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John Doyle in Pasadena

10 stoopid things about the TV racket Add to ...

Globe and Mail television critic John Doyle is attending the Television Critics Association winter press tour in Pasadena, Calif., this week.

The other day I was standing outside, trying to warm up for a while after being in a heavily air-conditioned conference room for two hours. About 10 feet away, an ABC employee was making a call on his cellphone. “He wants a large black coffee with two shots of espresso,” he roared into the phone. “He wants it right now. You better get on it right now. And I said right now!” Then he hung up and glared at me because yes, I was staring at him.

The TV racket is utterly ridiculous. Many of those who work in it are decent people and many are barking mad. Others are narcissistic nitwits. The right-now coffee was probably for some network exec or showrunner. The sort of person who believes that the intricacies of developing a copycat comedy are as important as the intricacies of creating peace in the Middle East. Pomposity is rampant. Arrogance is everywhere. Here, you see it up close and see that the TV racket is as crazy as its impact is vast. Herewith, a list of 10 stoopid things about it.

1. The lingo. Paul Lee, ABC’s head honcho, talking about some show he likes, says, “It’s sexy, it’s sticky, it’s more-ish, as the British say – you just want more of it.” So “more-ish” means you want more of it and “sticky” means you want it to stick around. Seriously, that is real TV exec lingo. An exact quote.

2. The look. It’s cookie-cutter. A lot of TV actors look the same. They’re short with big heads. It works for the camera. Wednesday night after the ABC party I was outside gawking. The ABC stars were leaving, the CBS stars arriving. It looked like a giant family convention in the hotel lobby, everybody related.

3. The thin thing. All the female actors from Desperate Housewives could sit together on the same bar stool. This is totally true. I measured. The bar stool, that is. And eyeballed the Wives.

4. The lies. “To be honest with you, it's hard to imagine the network without House,” Fox network boss Kevin Reilly said on Sunday. This is nonsense. The contracts of everybody on House are finishing this year. Of course Fox can imagine life without House. It is furiously developing a cheaper replacement. Mike Darnell, president of Alternative Entertainment for Fox, also said of American Idol host Ryan Seacrest, “It’s very hard to imagine the show without Ryan.” Right. Seacrest’s contract, worth $15-million (U.S.) a year, is also finishing. In this economy, you give $15-mil to a guy who merely hosts a show for five months?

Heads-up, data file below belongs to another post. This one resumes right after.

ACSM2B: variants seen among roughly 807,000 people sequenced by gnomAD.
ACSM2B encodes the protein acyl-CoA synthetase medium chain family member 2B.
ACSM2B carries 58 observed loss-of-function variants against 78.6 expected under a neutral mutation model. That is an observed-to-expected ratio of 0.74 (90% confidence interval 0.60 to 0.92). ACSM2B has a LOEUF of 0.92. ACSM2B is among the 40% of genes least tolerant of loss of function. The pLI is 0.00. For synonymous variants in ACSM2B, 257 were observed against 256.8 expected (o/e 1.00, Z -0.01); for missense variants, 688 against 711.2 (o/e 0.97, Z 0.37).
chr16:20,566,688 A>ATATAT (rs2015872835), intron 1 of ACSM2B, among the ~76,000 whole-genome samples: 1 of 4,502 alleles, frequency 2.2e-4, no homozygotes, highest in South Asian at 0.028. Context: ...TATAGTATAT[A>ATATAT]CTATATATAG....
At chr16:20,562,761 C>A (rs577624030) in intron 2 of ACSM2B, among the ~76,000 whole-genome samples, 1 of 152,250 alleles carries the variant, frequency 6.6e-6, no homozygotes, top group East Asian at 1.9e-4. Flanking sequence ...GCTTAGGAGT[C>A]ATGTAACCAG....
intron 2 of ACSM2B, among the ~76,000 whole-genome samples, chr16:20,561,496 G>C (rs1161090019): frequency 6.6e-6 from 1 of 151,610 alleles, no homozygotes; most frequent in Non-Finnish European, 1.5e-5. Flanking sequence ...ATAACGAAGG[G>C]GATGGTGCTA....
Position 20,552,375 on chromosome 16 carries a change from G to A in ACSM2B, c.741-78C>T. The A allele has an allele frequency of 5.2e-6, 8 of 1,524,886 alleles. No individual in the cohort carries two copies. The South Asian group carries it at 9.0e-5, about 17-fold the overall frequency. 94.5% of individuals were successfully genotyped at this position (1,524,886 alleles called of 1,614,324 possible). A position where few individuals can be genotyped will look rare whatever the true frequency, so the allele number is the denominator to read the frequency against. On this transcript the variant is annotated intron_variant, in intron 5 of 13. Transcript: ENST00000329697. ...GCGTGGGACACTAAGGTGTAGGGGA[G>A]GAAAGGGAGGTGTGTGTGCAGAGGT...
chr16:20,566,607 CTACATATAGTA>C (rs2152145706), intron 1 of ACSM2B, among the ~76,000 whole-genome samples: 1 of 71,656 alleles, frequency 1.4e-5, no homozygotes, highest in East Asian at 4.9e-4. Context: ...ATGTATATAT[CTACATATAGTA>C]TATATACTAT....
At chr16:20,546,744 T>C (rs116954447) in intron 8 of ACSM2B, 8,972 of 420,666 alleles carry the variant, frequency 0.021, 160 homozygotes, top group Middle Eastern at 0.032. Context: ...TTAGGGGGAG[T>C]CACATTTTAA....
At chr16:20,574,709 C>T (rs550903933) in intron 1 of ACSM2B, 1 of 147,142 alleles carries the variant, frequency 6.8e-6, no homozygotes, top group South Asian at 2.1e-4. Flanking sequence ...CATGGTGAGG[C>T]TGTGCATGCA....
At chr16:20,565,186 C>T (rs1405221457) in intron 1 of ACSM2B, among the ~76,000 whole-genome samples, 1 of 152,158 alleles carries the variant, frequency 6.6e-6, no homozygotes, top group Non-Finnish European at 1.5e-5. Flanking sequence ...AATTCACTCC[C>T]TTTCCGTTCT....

5. The money. See Ryan Seacrest’s salary.

6. Kevin O’Leary. He’s on ABC’s Shark Tank, its version of Dragons’ Den, as well as CBC’s Dragons’ Den thing. He was at the ABC party on Tuesday night, I was told. Couldn’t miss him, in an electric pink tie. I spent 40 minutes looking for the blustering guy, to thank him for providing me with such a wealth of material. Never found him. If TV didn’t make stars of such people I wouldn’t be wasting my time.

7. The “American Dream” thing. Apparently Fox’s American Idol is “all about making the American Dream come true,” according to judge Randy Jackson. So the “American Dream” involves mocking weird-looking people who can’t sing for weeks on TV before the competent karaoke singers arrive?

8. The fear of offending. The show GCB, based on the satirical novel called Good Christian Bitches, is described by ABC boss Lee as “actually very pro-religion,” and the show’s executive producer insists that “the church is sacred” in the show. Oh come on. It’s better to just admit that, yeah, some viewers might be offended. Because somebody always is.

9. The phony wars between shows. American Idol’s Jackson says NBC’s The Voice features “second-chance people” and its use of rotating chairs on set is a “rip-off of Star Trek.” Street fight! Smackdown! Oh for heaven’s sake, they’re all just silly singing shows.

10. The lack of originality. A lot of TV comedy and drama is simply derived from other TV comedy and drama, not the real world. Steve Levitan, who runs Modern Family, said here, “I actually tell the writers not to watch TV so it doesn’t kill story ideas.” Good move. A reason why his show is good.

 
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